Doom metal is something that's an acquired taste; either you're a fan of it or you're not, and those who are fans of it will probably go crazy over Kansas four-piece Samothrace's latest offering, Life's Trade. It's a four song album that's roughly fifty minutes long and has no shortage on heaviness. Samothrace are one of the more interesting bands to come out of the doom metal scene lately, and there's a lot more to the band than just heaviness. They take elements of post-metal, psychedelic rock, and stoner metal and mix into their doom metal sound to make one damn fascinating album, but in a good way.
To a casual listener, Life's Trade may just come across as another one of "those" albums that is praised by many, but misunderstood by others who aren't into this breed of metal. So, how would this sound appeal to someone who's never heard a doom or stoner metal song before in their life? Well, for one, Samothrace do branch outside their usual down-tempo heaviness on numerous occasions. As I mentioned earlier, they incorporate a lot of different genre styles into their sound, whether it be the occasional post-rock influenced guitar melodies (quite similar to those by the band, Pelican), or the extremely up-tempo solos where guitarist Daniel Nokes could be mistaken for Matt Pike (Sleep, High on Fire) at some points. They even do a solid job of building a psychedelic atmosphere that a band from the late-60's-early 70's could have possibly created.
If there were two words to describe this album in a nutshell, they would be "intriguing" and "repetitive." While the album itself is a damn solid (and really fucking heavy) metal album, there are a lot of instances where I felt that I was listening to the same song the entire time. That's not necessarily a bad thing though, considering that there are a lot of metal albums with songs that blend in together to create a mind blowing experience. Hell, arguably best stoner metal album ever is one hour long song, that's Dopesmoker for those who don't know, so the four tracks on Life's Trade blending into one isn't really a terrible thing at all. However, the repetitive nature of the band is one thing that drags them down, particularly the vocals. Vocalist Brian Spink delivers a lot of incoherent shrieks, grunts, and screams that go with the music well and are very frightening, but that's all he does. The vocals are used more as an atmospheric effect and they work, but how he uses the exact same screams, grunts, growls, etc. for every song is kind of annoying.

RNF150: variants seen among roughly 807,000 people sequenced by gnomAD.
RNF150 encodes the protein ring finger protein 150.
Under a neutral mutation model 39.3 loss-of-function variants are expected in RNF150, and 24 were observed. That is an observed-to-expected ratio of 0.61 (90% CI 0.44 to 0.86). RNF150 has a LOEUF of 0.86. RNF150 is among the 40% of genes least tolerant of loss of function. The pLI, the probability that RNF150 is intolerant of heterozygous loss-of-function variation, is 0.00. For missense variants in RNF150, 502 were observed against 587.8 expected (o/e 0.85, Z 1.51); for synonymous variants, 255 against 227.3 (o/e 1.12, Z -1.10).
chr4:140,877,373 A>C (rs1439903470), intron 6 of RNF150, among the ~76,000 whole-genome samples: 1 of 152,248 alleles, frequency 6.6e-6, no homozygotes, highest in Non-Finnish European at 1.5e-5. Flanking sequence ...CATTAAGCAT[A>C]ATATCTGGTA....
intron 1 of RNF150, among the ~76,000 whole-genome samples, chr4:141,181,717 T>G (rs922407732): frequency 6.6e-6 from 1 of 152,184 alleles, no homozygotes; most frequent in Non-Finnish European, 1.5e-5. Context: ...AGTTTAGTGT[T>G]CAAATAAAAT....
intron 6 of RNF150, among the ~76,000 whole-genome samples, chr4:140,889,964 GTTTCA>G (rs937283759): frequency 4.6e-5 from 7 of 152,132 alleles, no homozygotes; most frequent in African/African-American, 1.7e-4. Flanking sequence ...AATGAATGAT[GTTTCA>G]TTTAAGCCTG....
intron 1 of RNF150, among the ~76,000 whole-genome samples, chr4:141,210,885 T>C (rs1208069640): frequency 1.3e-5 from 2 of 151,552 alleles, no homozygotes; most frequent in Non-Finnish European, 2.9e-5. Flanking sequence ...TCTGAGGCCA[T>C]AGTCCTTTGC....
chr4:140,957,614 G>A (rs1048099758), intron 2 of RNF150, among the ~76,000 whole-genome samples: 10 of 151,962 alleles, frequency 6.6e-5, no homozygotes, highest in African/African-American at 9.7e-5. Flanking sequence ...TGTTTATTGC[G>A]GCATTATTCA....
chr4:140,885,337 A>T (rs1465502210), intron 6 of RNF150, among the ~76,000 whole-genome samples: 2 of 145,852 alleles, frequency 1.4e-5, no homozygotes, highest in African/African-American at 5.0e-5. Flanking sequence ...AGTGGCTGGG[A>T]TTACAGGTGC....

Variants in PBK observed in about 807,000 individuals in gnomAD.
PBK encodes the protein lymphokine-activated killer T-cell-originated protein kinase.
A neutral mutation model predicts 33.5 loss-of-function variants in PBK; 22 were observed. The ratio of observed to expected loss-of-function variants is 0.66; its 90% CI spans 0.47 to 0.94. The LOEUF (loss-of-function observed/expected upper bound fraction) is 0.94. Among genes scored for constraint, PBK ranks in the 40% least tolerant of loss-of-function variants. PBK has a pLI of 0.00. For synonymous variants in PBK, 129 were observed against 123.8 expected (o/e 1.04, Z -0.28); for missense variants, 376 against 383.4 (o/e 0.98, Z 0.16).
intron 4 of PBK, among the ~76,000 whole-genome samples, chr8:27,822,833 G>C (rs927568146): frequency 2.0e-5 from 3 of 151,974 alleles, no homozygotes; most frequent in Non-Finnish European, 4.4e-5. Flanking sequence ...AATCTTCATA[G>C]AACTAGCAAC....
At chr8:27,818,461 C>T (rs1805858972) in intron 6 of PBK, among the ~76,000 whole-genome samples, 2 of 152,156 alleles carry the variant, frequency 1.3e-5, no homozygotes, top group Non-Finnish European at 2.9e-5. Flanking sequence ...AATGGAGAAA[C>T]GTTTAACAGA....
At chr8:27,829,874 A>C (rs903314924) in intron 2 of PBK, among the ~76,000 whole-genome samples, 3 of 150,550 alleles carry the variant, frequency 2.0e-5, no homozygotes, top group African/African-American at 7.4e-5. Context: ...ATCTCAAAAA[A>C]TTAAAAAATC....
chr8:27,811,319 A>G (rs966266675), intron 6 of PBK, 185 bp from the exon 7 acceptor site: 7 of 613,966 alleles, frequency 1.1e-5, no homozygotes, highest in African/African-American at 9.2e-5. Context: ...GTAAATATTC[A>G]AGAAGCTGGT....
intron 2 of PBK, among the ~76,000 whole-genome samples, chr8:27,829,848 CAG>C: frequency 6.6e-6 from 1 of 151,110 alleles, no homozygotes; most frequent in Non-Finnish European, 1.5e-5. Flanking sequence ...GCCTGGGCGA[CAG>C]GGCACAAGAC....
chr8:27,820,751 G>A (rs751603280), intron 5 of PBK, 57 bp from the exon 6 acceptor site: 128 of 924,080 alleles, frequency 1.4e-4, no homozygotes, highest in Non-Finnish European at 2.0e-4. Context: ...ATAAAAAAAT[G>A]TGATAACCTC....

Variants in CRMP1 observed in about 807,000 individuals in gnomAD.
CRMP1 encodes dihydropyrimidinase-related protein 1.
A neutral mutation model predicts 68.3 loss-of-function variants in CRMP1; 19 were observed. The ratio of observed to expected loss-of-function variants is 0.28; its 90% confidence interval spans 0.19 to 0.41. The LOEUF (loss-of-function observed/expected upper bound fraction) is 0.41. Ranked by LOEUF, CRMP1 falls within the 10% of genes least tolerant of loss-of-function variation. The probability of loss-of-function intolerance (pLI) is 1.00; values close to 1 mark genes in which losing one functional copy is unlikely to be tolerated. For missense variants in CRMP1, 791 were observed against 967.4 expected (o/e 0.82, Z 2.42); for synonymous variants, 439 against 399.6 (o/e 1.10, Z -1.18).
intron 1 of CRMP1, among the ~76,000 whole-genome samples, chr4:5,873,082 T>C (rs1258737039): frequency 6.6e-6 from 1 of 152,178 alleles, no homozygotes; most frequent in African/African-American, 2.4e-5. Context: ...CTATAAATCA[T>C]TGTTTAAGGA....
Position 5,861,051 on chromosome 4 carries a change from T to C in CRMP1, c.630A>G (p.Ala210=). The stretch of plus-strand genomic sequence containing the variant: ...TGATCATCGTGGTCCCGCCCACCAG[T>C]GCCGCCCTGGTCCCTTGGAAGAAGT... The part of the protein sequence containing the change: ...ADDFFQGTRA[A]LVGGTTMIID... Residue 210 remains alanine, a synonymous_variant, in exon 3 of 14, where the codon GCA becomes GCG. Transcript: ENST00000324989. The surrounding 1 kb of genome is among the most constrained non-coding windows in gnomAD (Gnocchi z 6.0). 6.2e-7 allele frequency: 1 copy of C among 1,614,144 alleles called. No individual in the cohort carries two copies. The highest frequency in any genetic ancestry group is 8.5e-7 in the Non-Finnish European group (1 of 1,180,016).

With all of this said, Life's Trade is an excellent album to add to the record collections of doom metal fans everywhere. This wont exactly win over many new fans as it's not an accessible album by any means and will take a few listens to digest, but it's definitely worth the time. As for Samothrace, they are off to a great beginning as this is a behemoth of a debut album. Will they be able to make an album like Dopesmoker? Possibly. Only time will tell.
8.0 / 10
Bryan Spinks (Samothrace, vocalist/guitarist) SPB: How did you get so bloody heavy? Spinks: I suppose it is a culmination of some different things. Obviously ...
Posted March 23, 2014, 2:17 p.m.
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